The iMac Represents 32.9% of All-in-One PC Sales

According to research firm DisplaySearch, all-in-one computer sales increased by 39% in 2010 to total 14.5 million units sold. While most would expect that more than half of these sales were accounted for by the usual PC manufacturers such as HP and Dell, Apple actually dominated the category by taking 32.9% of the market share with their iMac, leaving other manufacturers with only 6.1% of the share. This is rather surprising since it’s actually more expensive than competitors and is, after all, a Mac — which can often be an immediate turnoff for some. Read on for some additional information on all-in-one PCs.

Competitors to the iMac include Hewlett Packard’s Omni, which is available in five different models — some of which are different styles than others. The top-of-the-line model of the Omni holds a very powerful Intel quad-core CPU that clocks at 2.8 GHz (without turbo-boost) and also includes 8 GB of RAM, a 2 TB hard drive, a Blu-Ray player, and even a 2-year warranty … all for $999. While the fact that it’s a Windows PC may not be appealing to some, it does offer much more than a Mac does in the specs field. But, specs definitely aren’t everything — experience is. Other manufacturers have also entered the all-in-one market, including Dell with their¬†Inspiron One and Gateway with their One — you can see how similar corporations are to each other’s model naming. It’s surprising that there neither of these businesses hasn’t trademarked that name yet.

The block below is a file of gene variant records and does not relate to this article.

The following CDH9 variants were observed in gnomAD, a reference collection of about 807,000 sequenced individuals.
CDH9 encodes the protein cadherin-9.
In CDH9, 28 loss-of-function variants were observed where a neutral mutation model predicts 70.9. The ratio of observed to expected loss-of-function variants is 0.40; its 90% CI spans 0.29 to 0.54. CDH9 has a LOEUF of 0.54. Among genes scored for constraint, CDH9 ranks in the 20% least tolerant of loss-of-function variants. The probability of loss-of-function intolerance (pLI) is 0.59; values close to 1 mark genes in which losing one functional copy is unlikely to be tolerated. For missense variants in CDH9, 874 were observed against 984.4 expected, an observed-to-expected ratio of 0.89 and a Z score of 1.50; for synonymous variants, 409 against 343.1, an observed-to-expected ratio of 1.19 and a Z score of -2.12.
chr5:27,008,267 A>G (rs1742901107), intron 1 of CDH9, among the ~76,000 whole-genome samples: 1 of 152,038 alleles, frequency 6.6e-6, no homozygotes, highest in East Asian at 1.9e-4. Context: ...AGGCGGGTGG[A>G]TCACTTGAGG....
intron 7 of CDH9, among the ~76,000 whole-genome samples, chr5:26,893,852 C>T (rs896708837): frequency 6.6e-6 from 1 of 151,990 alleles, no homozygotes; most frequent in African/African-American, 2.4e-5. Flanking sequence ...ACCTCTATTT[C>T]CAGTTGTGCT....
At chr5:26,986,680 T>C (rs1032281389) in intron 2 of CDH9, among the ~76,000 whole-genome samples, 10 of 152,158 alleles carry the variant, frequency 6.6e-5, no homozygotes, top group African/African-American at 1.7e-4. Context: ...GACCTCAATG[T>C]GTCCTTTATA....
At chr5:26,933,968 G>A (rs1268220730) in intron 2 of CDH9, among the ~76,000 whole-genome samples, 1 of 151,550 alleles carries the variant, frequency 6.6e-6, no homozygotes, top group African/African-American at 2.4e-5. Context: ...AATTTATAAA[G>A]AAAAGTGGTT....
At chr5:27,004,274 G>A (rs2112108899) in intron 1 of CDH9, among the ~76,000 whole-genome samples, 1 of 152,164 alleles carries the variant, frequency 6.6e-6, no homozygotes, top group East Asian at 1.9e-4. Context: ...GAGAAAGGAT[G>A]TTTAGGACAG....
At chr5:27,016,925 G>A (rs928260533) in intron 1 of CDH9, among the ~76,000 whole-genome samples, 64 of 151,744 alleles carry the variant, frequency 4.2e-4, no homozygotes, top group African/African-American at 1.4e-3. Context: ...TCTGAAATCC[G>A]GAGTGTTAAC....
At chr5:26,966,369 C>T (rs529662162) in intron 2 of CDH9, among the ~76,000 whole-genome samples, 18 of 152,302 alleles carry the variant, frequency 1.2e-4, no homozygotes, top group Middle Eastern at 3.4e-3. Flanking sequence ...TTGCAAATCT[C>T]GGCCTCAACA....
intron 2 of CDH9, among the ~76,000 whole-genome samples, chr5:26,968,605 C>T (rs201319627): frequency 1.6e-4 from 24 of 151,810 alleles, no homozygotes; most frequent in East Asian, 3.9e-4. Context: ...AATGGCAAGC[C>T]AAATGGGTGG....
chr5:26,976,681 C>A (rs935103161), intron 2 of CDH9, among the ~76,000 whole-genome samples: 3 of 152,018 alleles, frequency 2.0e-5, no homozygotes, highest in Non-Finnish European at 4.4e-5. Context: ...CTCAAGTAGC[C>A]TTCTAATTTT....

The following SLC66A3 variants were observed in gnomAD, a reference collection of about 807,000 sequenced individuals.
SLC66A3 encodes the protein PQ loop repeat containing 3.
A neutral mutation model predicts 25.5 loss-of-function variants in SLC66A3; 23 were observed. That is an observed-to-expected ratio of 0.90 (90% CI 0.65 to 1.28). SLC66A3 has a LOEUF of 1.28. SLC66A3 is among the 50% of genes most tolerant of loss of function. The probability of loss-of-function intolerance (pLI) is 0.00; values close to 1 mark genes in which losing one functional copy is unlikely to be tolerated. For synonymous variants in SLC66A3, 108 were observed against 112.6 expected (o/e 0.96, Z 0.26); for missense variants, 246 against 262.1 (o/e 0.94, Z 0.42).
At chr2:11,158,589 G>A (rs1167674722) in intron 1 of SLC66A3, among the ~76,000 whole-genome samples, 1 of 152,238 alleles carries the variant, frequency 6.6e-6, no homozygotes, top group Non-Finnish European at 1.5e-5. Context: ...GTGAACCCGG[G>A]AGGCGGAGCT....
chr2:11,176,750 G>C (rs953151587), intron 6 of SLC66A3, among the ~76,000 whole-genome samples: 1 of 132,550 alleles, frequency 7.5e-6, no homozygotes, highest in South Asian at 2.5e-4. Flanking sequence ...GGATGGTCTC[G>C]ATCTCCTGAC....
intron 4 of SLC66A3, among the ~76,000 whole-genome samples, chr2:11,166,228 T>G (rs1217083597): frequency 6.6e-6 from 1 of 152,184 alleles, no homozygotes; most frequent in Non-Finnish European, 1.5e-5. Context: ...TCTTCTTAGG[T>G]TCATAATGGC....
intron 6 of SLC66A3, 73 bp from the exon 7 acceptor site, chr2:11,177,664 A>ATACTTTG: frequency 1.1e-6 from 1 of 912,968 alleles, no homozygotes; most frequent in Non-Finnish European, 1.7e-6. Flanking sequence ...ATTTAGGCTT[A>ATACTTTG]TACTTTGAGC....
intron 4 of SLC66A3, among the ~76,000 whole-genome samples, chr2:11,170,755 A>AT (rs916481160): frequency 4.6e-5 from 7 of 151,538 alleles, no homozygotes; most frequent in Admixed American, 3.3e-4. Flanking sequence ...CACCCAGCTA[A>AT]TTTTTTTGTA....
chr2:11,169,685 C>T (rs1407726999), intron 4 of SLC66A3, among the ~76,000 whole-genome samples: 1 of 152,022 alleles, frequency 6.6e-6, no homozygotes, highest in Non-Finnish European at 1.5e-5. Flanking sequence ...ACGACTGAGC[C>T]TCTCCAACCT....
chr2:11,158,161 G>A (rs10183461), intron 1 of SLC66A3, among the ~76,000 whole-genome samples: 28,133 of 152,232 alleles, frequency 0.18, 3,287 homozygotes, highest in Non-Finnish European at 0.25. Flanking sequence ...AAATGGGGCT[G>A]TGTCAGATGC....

But let’s move on to Apple’s iMac. The iMac is Apple’s best-selling desktop system, most likely because the only other models are the Mac mini — which requires a monitor as it doesn’t include one — and the Mac Pro — which is extremely expensive for the average user. And speaking of the Mac Pro, Apple may actually be questioning what to do with the future of their tower desktop due to the slowing market for it. This is not to say that there are no users who care about this Mac, because there are still some advanced users who require the power of a Pro. The issue is, most are swaying more towards portability rather than a powerhouse that lies at home all day long. Surprisingly, the iMac is actually quite portable. You can easily tote it with you on a trip because it uses Bluetooth for the keyboard and Magic Mouse and there’s only the power to unplug before you’re ready to go. While it’s not the most portable option out there, it’s definitely an option if you don’t want a MacBook and don’t need the battery power for the road.

[Bloomberg]

iMac icon via SvenVath

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